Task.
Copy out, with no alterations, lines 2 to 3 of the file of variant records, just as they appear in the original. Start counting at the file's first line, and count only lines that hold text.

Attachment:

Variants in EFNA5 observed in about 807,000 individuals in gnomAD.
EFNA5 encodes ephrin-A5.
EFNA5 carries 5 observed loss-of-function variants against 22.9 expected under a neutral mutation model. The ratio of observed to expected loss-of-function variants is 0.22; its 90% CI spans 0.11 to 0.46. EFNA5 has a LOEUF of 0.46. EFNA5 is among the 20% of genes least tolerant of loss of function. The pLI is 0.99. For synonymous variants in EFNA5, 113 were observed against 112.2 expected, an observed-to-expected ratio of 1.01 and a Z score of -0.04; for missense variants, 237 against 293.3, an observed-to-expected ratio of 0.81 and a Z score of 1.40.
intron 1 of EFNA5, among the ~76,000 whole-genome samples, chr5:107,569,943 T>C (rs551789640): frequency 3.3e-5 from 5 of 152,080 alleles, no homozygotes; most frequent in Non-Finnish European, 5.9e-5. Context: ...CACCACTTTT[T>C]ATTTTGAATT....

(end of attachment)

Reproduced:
EFNA5 encodes ephrin-A5.
EFNA5 carries 5 observed loss-of-function variants against 22.9 expected under a neutral mutation model. The ratio of observed to expected loss-of-function variants is 0.22; its 90% CI spans 0.11 to 0.46. EFNA5 has a LOEUF of 0.46. EFNA5 is among the 20% of genes least tolerant of loss of function. The pLI is 0.99. For synonymous variants in EFNA5, 113 were observed against 112.2 expected, an observed-to-expected ratio of 1.01 and a Z score of -0.04; for missense variants, 237 against 293.3, an observed-to-expected ratio of 0.81 and a Z score of 1.40.